It was a Sunday not unlike every other Sunday Lex Veldhuis had spent the past seven years of his life. He settled in early, fired up his stream, and prepared for what would end up being 12 straight hours of playing poker, performing in front of his audience, and actually trying to make a living in the process.
But on this Sunday, Veldhuis–one of the top poker streamers in the world on Twitch–was about to do something that to anyone else might seem certifiably insane.
Veldhuis, the brightest light in PokerStars’ galaxy and a Twitch poker streamer with more than 300,000 followers, was about to announce to his legion of fans that he was giving up his partner status on Twitch.
To the average viewer who knows nothing of partnerships and monetization and how people like Veldhuis make a living, it might have seemed but a casual announcement. But to anyone who knows just exactly what Veldhuis was about to do, it was a white-knuckle-on-your-mouse moment.
Twelve hours later, when the stream was done and Veldhuis had announced to his world what he was going to do, he spoke to PokerOrg, and said everything he needed to say in just once sentence.
“I felt kind of strangled,” he said.
“I want to be present”
There was a time when Veldhuis streamed his poker exploits from his home in the Netherlands. Everything he did and accomplished happened in his own home. He became a poker star and then a PokerStar. He fell in love. He got married. He started a family. And then, as often happens in stories like this, everything went sideways. People who neither knew nor cared about Veldhuis changed the laws and regulations in his country. If he wanted to continue to make a living as he had been, he’d have to actually leave his home and leave his country. Just like that. It happened overnight.
So, Veldhuis did what he had to do.
He traveled to Belgium to play poker and stream, and then traveled back home to live. It was a wild and unexpected commute for one of poker’s and the internet’s biggest stars.
Every star makes sacrifices for their careers, and none of them like it. Part of the job of being a star is missing the things that give you your light–the day your child learns to ride a bike, the day the family dog dies, the day you aren’t there when your family really needs you. Sacrifice is part of the job description, and the ability to make that sacrifice requires clouding a part of one’s brain where the best choices are clear.
For Veldhuis, there came a night of clarity that would ultimately lead to what happened this weekend.
“The last few weeks of my wife’s pregnancy, our son started having a little bit of trouble sleeping,” Veldhuis said early Monday morning.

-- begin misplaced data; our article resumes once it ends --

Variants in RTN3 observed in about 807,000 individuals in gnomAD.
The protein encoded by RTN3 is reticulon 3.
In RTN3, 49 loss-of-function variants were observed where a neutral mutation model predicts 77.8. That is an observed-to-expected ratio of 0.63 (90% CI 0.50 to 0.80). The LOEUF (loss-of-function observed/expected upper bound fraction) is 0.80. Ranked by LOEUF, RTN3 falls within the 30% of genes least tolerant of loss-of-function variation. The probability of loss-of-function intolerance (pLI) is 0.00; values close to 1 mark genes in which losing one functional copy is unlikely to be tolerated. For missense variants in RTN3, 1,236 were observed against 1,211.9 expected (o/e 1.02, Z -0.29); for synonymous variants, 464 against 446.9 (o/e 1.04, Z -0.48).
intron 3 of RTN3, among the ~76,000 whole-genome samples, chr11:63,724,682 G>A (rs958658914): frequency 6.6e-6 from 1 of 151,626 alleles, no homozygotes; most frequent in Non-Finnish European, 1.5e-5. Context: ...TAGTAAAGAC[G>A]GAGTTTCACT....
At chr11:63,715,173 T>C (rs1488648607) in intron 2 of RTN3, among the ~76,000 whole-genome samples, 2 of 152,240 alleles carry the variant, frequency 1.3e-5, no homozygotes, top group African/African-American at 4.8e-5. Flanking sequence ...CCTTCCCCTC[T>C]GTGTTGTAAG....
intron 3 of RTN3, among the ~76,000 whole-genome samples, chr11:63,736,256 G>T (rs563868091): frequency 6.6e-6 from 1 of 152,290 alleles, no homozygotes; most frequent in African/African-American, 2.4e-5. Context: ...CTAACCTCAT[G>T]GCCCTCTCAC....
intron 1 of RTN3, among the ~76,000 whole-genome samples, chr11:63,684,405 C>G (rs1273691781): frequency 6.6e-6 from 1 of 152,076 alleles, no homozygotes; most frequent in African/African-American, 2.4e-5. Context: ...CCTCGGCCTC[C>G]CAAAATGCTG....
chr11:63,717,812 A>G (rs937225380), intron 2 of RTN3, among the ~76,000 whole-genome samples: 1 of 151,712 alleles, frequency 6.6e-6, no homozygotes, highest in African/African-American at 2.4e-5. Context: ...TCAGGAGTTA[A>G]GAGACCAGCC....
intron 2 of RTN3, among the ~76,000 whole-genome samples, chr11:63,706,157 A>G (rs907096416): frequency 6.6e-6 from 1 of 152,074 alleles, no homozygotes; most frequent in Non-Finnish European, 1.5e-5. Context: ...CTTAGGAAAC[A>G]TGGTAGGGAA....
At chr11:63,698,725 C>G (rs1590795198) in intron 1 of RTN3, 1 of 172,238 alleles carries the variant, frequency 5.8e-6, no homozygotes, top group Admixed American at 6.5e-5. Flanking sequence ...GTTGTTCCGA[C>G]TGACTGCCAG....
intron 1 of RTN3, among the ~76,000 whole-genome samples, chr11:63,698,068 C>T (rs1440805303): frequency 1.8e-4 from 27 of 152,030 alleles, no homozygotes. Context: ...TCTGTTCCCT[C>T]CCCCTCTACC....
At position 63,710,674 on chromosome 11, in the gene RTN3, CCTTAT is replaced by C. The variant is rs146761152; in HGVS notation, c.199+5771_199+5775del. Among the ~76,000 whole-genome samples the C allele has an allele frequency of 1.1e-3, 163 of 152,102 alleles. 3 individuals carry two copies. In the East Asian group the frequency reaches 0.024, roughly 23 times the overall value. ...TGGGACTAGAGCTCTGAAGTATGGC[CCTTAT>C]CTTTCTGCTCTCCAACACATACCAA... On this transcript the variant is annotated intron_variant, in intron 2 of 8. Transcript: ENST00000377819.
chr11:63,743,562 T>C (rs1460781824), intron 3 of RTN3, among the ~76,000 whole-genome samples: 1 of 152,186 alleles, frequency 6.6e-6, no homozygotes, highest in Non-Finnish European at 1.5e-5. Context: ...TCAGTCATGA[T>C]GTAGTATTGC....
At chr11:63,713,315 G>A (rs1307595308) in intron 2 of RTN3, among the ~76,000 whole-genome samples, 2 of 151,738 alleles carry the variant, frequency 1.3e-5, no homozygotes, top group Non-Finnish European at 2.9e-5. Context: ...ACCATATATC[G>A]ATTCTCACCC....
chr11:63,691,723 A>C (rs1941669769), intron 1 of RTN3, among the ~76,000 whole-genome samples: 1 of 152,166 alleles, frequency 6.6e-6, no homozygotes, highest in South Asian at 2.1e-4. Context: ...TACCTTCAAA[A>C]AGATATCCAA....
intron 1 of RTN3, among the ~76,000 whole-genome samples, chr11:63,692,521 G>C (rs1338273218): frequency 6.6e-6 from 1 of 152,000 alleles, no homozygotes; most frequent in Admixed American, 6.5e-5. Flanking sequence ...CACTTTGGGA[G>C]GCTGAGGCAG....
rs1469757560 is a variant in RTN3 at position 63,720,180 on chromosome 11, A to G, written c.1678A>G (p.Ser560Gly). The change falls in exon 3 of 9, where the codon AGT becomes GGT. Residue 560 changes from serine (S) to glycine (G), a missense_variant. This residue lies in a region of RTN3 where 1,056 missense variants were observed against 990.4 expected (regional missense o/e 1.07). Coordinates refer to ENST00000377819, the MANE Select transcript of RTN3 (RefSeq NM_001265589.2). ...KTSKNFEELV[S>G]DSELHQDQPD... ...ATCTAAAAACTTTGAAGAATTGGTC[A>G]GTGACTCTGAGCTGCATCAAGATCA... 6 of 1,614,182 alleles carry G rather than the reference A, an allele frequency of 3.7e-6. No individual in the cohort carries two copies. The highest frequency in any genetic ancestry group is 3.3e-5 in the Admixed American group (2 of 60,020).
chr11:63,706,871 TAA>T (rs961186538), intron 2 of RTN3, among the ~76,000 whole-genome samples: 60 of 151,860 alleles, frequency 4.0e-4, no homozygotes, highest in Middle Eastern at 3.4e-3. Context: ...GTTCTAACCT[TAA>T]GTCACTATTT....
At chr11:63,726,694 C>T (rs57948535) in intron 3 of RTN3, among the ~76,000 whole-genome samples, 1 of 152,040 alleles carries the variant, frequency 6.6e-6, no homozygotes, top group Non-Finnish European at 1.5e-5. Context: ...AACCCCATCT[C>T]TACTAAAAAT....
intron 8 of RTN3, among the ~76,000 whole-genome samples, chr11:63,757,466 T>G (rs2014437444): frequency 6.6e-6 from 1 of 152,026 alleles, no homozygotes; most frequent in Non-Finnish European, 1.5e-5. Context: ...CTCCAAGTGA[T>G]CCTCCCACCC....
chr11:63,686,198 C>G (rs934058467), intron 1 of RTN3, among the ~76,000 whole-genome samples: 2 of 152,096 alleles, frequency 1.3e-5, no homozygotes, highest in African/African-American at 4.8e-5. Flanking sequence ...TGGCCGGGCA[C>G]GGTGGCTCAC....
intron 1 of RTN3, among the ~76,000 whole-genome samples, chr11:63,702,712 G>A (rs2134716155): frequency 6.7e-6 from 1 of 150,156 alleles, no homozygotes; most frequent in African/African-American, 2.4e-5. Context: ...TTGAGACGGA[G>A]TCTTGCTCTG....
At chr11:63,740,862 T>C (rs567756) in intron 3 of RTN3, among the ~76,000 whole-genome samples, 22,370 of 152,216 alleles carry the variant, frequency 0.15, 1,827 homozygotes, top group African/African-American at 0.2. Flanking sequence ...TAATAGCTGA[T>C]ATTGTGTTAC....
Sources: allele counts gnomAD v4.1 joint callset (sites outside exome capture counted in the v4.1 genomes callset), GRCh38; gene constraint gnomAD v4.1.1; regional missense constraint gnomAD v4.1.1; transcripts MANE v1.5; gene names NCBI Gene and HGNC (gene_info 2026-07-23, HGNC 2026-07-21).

Veldhuis’ first child was struggling to go to sleep at bedtime. It was nothing more than an average parenting struggle. But it made Veldhuis think forward to a hypothetical time when he had two kids he was leaving at home with his wife while he ran off to Belgium to stream poker.
“Nights were hard. This is pretty rough. What if I’m going to be in Belgium on a night like this? I just started thinking to myself, ‘This is just not possible.’ I just can’t go to Belgium four days a week. It’s not something I want emotionally. I want to be present,” he said.
The lie of golden handcuffs
It’s not uncommon for a person to get to a spot in their lives in which they feel compelled to concede their life to the success they’ve built. It’s so common that the dilemma has earned its own cliche. People call it the golden handcuffs.
Imagine yourself in Veldhuis’ position. You have more than 300,000 followers on a major social platform. By almost any measure, you’re an over-the-top success with no chance of failure. The only thing you could do to risk your perfect life is to say, “I don’t want to do it this way anymore.”
That’s what golden handcuffs feel like.
Veldhuis had started to think about what it would be like to make content in the way he wanted to make it. He started to think about how he could do something else–maybe better–on YouTube. And he started paying closer attention to how Twitch was handling gaming content and how often pursuits like slots were getting conflated with poker.
“I think there is a big fear that poker is being lumped in with slots which has a lot of negative connotations,” he said. “It made me think: I don’t see a reason to be exclusively streaming on Twitch. I think content should be open and for everyone.”
Veldhuis forced himself to consider just how golden his golden handcuffs were, and if there was a chance he could help poker grow better and faster.
That’s how one of poker’s biggest streaming stars and one of Twitch’s biggest streaming partners decided he was going to give up one of the best deals in the poker world. He decided there was a real chance that his chosen platform for streaming wasn’t going to reach as many people as possible.
“I know that poker is not getting recommended to anybody. There is sort of a stigma on it. And it’s a stigma that poker players have been fighting their whole lives. I just didn’t really feel Twitch deserves to have a stranglehold on where you show your poker,” he said.
“I love the game”
Veldhuis’ shock-announcement this weekend will reverberate for longer than one news cycle. He has given up his subscriptions on Twitch, and he is well aware of how that will affect the community he’s built for the past seven years.
At the same time, he’s building an elaborate new home studio from which he can make content. And he still plans to go to Belgium on Sundays for huge streams. What’s more, he doesn’t plan to leave Twitch.
But as of this writing, Veldhuis has informed Twitch he no longer wants partner status with the platform. In short, he’s shaking off the golden handcuffs but not running away.
“I want more creative control. I want to be able to plan my time better. I just want freedom. This is the best way to do it,” he said. “I love the game and I want to help build it.”